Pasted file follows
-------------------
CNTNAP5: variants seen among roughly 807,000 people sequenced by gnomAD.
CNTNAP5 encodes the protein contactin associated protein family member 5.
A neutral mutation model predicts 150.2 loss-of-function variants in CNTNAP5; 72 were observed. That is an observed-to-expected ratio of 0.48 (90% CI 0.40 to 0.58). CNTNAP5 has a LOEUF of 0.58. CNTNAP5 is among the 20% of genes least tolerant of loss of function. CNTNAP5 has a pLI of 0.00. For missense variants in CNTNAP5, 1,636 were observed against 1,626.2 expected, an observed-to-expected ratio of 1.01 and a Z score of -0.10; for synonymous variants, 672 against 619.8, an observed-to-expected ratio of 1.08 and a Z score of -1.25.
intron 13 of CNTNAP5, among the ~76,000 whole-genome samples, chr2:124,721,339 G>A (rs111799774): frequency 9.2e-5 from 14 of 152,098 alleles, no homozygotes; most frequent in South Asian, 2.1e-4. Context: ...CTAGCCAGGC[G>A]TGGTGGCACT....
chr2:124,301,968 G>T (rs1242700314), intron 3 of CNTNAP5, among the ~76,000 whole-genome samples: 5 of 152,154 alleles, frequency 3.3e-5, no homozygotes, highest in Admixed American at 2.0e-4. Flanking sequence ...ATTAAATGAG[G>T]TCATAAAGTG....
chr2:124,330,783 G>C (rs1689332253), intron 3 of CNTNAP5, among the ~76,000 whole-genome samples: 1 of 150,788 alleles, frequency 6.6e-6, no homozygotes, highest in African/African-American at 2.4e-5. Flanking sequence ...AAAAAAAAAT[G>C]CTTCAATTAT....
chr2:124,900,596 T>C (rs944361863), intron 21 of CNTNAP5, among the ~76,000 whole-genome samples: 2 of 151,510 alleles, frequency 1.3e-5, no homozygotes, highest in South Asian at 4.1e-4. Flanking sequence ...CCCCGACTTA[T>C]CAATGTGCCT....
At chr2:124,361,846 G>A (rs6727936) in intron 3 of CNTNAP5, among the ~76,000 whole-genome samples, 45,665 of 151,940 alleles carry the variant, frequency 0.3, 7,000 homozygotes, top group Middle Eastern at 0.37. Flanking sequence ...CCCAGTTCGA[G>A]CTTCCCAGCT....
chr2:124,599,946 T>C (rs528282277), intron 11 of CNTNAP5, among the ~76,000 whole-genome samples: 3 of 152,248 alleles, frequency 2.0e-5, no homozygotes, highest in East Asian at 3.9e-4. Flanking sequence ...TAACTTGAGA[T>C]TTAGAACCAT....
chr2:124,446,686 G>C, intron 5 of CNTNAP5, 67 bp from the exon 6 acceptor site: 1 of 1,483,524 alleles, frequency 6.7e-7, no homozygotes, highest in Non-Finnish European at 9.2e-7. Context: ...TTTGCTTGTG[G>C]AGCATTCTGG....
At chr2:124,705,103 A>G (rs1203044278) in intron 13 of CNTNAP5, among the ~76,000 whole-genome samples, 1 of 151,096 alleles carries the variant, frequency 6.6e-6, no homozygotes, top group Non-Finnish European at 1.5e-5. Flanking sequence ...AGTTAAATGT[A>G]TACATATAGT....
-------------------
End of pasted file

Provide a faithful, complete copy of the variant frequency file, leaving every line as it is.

CNTNAP5: variants seen among roughly 807,000 people sequenced by gnomAD.
CNTNAP5 encodes the protein contactin associated protein family member 5.
A neutral mutation model predicts 150.2 loss-of-function variants in CNTNAP5; 72 were observed. That is an observed-to-expected ratio of 0.48 (90% CI 0.40 to 0.58). CNTNAP5 has a LOEUF of 0.58. CNTNAP5 is among the 20% of genes least tolerant of loss of function. CNTNAP5 has a pLI of 0.00. For missense variants in CNTNAP5, 1,636 were observed against 1,626.2 expected, an observed-to-expected ratio of 1.01 and a Z score of -0.10; for synonymous variants, 672 against 619.8, an observed-to-expected ratio of 1.08 and a Z score of -1.25.
intron 13 of CNTNAP5, among the ~76,000 whole-genome samples, chr2:124,721,339 G>A (rs111799774): frequency 9.2e-5 from 14 of 152,098 alleles, no homozygotes; most frequent in South Asian, 2.1e-4. Context: ...CTAGCCAGGC[G>A]TGGTGGCACT....
chr2:124,301,968 G>T (rs1242700314), intron 3 of CNTNAP5, among the ~76,000 whole-genome samples: 5 of 152,154 alleles, frequency 3.3e-5, no homozygotes, highest in Admixed American at 2.0e-4. Flanking sequence ...ATTAAATGAG[G>T]TCATAAAGTG....
chr2:124,330,783 G>C (rs1689332253), intron 3 of CNTNAP5, among the ~76,000 whole-genome samples: 1 of 150,788 alleles, frequency 6.6e-6, no homozygotes, highest in African/African-American at 2.4e-5. Flanking sequence ...AAAAAAAAAT[G>C]CTTCAATTAT....
chr2:124,900,596 T>C (rs944361863), intron 21 of CNTNAP5, among the ~76,000 whole-genome samples: 2 of 151,510 alleles, frequency 1.3e-5, no homozygotes, highest in South Asian at 4.1e-4. Flanking sequence ...CCCCGACTTA[T>C]CAATGTGCCT....
At chr2:124,361,846 G>A (rs6727936) in intron 3 of CNTNAP5, among the ~76,000 whole-genome samples, 45,665 of 151,940 alleles carry the variant, frequency 0.3, 7,000 homozygotes, top group Middle Eastern at 0.37. Flanking sequence ...CCCAGTTCGA[G>A]CTTCCCAGCT....
chr2:124,599,946 T>C (rs528282277), intron 11 of CNTNAP5, among the ~76,000 whole-genome samples: 3 of 152,248 alleles, frequency 2.0e-5, no homozygotes, highest in East Asian at 3.9e-4. Flanking sequence ...TAACTTGAGA[T>C]TTAGAACCAT....
chr2:124,446,686 G>C, intron 5 of CNTNAP5, 67 bp from the exon 6 acceptor site: 1 of 1,483,524 alleles, frequency 6.7e-7, no homozygotes, highest in Non-Finnish European at 9.2e-7. Context: ...TTTGCTTGTG[G>C]AGCATTCTGG....
At chr2:124,705,103 A>G (rs1203044278) in intron 13 of CNTNAP5, among the ~76,000 whole-genome samples, 1 of 151,096 alleles carries the variant, frequency 6.6e-6, no homozygotes, top group Non-Finnish European at 1.5e-5. Flanking sequence ...AGTTAAATGT[A>G]TACATATAGT....